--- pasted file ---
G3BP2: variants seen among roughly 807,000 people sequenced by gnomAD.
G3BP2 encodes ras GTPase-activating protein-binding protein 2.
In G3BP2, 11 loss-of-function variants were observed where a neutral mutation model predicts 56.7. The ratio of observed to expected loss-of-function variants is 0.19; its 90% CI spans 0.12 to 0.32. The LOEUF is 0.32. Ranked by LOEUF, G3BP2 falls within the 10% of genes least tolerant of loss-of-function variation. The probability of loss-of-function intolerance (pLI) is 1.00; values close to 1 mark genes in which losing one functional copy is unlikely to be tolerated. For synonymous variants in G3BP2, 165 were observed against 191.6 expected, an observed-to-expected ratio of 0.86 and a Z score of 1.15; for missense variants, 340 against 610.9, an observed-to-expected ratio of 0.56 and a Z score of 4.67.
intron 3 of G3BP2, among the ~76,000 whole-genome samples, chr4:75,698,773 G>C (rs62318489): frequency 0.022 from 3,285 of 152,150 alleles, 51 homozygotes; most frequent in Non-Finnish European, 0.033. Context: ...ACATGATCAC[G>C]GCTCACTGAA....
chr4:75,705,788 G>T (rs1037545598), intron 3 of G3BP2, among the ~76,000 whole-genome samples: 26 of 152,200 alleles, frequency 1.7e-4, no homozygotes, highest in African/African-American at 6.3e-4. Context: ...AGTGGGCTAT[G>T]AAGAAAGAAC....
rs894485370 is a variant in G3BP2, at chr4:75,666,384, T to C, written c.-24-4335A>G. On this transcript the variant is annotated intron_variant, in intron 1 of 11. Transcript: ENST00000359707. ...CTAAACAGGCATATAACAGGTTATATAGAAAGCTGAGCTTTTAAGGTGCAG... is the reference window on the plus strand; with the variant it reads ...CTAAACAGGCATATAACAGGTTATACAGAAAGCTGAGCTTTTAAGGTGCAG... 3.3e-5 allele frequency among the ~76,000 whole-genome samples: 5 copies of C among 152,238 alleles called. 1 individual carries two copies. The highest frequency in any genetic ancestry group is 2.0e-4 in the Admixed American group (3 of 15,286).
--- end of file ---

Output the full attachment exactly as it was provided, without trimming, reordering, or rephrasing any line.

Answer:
G3BP2: variants seen among roughly 807,000 people sequenced by gnomAD.
G3BP2 encodes ras GTPase-activating protein-binding protein 2.
In G3BP2, 11 loss-of-function variants were observed where a neutral mutation model predicts 56.7. The ratio of observed to expected loss-of-function variants is 0.19; its 90% CI spans 0.12 to 0.32. The LOEUF is 0.32. Ranked by LOEUF, G3BP2 falls within the 10% of genes least tolerant of loss-of-function variation. The probability of loss-of-function intolerance (pLI) is 1.00; values close to 1 mark genes in which losing one functional copy is unlikely to be tolerated. For synonymous variants in G3BP2, 165 were observed against 191.6 expected, an observed-to-expected ratio of 0.86 and a Z score of 1.15; for missense variants, 340 against 610.9, an observed-to-expected ratio of 0.56 and a Z score of 4.67.
intron 3 of G3BP2, among the ~76,000 whole-genome samples, chr4:75,698,773 G>C (rs62318489): frequency 0.022 from 3,285 of 152,150 alleles, 51 homozygotes; most frequent in Non-Finnish European, 0.033. Context: ...ACATGATCAC[G>C]GCTCACTGAA....
chr4:75,705,788 G>T (rs1037545598), intron 3 of G3BP2, among the ~76,000 whole-genome samples: 26 of 152,200 alleles, frequency 1.7e-4, no homozygotes, highest in African/African-American at 6.3e-4. Context: ...AGTGGGCTAT[G>T]AAGAAAGAAC....
rs894485370 is a variant in G3BP2, at chr4:75,666,384, T to C, written c.-24-4335A>G. On this transcript the variant is annotated intron_variant, in intron 1 of 11. Transcript: ENST00000359707. ...CTAAACAGGCATATAACAGGTTATATAGAAAGCTGAGCTTTTAAGGTGCAG... is the reference window on the plus strand; with the variant it reads ...CTAAACAGGCATATAACAGGTTATACAGAAAGCTGAGCTTTTAAGGTGCAG... 3.3e-5 allele frequency among the ~76,000 whole-genome samples: 5 copies of C among 152,238 alleles called. 1 individual carries two copies. The highest frequency in any genetic ancestry group is 2.0e-4 in the Admixed American group (3 of 15,286).